Try This at Home
Pull the rug. When considering your next decorating venture, avoid wall-to-wall carpeting. Carcinogens tend to collect in carpet fibers. Instead, use area rugs—ideally, ones made from natural materials—that you can take outside to air and clean.
Choose vacuum cleaners that help minimize indoor pollution. If you do have wall-to-wall carpeting, consider a HEPA filter when vacuuming. Cleaners with a strong suction, a brush on/off switch, and a multilayered bag for dust collection are the best in preventing dust from recycling into the air.
Avoid tracking pollutants into your home. Pesticides and other toxics often enter homes tracked in with dust and dirt on the bottom of shoes. To minimize the spread of these pollutants, place a doormat on the outside of each entrance to your home and a rug on the inside of each entryway. Adopt the habit of removing your outdoor shoes upon entry and ask your guests to do the same.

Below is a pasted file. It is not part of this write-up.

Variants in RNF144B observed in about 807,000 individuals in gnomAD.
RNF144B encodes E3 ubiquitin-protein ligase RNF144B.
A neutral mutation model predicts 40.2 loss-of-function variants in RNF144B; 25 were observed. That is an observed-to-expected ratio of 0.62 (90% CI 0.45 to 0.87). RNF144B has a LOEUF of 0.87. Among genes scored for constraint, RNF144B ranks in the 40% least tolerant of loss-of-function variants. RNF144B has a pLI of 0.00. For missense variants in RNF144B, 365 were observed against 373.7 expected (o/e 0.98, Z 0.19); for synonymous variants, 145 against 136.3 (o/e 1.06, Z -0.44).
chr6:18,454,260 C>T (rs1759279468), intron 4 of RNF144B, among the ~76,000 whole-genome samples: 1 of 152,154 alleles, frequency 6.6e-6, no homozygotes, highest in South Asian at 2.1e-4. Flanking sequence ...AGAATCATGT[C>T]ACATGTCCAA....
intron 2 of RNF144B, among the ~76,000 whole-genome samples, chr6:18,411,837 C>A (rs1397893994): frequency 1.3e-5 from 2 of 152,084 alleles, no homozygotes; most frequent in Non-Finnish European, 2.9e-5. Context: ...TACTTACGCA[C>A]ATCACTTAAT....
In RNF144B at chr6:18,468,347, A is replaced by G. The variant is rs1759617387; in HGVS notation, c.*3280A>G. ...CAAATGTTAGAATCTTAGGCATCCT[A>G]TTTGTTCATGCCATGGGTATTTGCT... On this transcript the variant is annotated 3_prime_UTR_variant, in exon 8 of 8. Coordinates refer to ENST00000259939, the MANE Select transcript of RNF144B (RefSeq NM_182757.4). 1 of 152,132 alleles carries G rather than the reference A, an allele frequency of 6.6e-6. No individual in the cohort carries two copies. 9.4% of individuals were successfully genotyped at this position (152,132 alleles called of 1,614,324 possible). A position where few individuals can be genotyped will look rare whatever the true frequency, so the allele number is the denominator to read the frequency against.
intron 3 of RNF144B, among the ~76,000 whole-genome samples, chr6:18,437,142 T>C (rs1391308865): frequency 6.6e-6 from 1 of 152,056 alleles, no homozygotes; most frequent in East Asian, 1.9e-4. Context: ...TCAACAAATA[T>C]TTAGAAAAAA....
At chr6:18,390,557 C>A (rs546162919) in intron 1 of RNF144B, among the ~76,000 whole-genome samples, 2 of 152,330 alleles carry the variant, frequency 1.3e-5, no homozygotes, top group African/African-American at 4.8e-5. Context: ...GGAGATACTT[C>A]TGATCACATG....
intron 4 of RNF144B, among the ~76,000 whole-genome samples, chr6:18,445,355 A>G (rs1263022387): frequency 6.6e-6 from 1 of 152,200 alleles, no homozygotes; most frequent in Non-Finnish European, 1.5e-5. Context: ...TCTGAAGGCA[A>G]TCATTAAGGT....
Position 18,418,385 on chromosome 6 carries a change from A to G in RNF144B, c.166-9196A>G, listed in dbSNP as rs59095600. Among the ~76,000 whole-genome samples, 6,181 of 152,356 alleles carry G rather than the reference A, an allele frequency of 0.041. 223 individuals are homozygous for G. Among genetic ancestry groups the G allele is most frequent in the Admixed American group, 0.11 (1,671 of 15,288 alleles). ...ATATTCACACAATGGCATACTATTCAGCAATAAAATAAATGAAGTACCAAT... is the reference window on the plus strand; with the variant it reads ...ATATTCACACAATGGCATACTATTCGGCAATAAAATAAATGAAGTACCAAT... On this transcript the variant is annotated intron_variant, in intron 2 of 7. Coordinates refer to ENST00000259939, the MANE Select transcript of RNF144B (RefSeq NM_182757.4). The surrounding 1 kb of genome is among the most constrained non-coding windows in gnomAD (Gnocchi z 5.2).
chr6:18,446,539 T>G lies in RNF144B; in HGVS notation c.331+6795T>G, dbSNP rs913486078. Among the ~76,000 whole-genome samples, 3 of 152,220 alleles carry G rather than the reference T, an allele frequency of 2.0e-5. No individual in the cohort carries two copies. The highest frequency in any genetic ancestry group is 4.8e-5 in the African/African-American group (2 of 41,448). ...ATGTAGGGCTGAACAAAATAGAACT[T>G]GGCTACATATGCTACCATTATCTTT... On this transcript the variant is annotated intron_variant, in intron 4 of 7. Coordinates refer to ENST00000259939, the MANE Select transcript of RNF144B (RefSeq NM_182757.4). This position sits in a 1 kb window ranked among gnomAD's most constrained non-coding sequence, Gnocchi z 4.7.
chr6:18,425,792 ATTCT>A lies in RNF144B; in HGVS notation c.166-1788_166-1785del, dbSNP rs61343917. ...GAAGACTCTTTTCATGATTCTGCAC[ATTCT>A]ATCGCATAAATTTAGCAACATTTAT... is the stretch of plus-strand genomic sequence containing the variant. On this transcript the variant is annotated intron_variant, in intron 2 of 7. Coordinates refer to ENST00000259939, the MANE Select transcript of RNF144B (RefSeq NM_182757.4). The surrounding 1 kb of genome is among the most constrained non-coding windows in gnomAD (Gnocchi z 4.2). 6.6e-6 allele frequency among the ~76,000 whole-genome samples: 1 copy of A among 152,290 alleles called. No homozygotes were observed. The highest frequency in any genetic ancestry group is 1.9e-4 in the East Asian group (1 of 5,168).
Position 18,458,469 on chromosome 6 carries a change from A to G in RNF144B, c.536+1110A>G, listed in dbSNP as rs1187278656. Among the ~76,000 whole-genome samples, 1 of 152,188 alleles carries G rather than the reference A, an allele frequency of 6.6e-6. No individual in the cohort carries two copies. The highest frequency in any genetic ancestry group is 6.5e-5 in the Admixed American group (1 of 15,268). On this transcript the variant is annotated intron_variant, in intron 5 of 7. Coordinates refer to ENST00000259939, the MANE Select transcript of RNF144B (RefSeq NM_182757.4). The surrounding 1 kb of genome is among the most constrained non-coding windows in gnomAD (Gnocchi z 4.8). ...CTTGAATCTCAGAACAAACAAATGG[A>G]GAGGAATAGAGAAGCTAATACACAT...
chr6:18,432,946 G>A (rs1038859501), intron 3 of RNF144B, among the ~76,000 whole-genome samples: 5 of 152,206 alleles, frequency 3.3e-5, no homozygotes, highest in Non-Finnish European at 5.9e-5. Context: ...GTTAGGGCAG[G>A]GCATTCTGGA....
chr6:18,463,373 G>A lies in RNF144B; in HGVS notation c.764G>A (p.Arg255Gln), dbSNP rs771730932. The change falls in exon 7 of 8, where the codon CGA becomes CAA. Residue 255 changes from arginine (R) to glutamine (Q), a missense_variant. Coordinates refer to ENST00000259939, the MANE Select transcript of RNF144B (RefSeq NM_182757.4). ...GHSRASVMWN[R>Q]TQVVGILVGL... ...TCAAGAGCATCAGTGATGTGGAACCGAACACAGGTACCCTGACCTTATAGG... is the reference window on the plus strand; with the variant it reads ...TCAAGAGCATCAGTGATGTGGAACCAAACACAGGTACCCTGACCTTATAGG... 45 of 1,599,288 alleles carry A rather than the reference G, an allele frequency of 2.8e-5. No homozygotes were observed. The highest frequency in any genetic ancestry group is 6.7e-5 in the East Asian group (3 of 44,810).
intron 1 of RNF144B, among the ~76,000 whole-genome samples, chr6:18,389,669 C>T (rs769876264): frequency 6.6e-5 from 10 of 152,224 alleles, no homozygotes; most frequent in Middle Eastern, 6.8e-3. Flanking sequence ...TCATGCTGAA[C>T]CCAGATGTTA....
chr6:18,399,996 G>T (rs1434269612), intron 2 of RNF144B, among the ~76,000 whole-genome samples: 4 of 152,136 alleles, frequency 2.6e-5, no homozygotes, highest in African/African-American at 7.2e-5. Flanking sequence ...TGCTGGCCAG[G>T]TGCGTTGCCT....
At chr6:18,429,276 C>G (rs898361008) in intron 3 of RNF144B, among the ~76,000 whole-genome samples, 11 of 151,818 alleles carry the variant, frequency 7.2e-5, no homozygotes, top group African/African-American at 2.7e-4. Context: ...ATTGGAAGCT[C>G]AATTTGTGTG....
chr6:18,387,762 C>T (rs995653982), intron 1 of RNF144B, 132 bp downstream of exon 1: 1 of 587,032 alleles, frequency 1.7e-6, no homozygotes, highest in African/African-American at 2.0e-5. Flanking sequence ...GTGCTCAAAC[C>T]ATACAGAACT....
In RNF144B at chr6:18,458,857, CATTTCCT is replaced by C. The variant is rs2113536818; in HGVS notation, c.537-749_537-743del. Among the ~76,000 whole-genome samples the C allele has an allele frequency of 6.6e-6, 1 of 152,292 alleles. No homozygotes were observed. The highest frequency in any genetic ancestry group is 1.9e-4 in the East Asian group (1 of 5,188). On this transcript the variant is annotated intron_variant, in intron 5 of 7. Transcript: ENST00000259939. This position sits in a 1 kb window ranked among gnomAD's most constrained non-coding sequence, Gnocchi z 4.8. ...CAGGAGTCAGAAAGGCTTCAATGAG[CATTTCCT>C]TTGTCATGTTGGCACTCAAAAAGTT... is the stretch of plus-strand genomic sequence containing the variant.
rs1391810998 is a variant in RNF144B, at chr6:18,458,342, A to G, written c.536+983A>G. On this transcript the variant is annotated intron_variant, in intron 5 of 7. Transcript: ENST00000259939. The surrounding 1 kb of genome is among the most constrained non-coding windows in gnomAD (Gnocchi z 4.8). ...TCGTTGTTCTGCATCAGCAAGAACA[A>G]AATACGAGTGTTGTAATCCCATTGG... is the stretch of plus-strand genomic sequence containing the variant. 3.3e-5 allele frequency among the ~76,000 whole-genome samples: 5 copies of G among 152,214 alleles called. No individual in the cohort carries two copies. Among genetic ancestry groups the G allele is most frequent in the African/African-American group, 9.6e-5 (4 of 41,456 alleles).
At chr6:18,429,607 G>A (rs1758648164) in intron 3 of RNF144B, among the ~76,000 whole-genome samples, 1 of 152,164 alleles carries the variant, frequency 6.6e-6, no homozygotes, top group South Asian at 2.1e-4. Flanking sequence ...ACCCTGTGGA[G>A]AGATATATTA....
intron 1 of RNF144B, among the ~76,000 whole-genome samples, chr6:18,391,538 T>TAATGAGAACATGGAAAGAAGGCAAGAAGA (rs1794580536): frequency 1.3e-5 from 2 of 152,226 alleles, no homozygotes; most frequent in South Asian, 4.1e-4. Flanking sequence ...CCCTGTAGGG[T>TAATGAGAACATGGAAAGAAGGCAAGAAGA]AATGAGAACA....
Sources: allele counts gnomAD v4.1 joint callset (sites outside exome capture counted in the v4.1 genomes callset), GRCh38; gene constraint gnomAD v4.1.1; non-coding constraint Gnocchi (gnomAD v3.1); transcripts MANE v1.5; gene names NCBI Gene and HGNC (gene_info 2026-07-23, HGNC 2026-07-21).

Do not allow smoking in your home. Tobacco smoke is a substantial source of exposure to carcinogens.
Take daily measures to improve your indoor air quality. Open windows to ventilate your home. Vent your gas stove, broiler, grill, or fireplace to the outdoors, and avoid using wood-burning fireplaces and stoves. For details about protecting your indoor air, consult with the U.S. Environmental Protection Agency’s extensive report, The Inside Story: A Guide to Indoor Air Quality.
Our homes are our havens. Yet indoor environments tend to be three to ten times more toxic than outdoor environments. A Silent Spring Institute study comparing two Northern California communities found that 32 compounds were found at higher levels in indoor air, while only two compounds were higher outdoors.
Chemicals build up indoors from a range of sources, from building materials to household cleaning supplies to personal care products. And those chemicals often stay: ventilation tends to be limited and chemicals degrade only slowly indoors, where they’re sheltered from sun, water, and temperature extremes.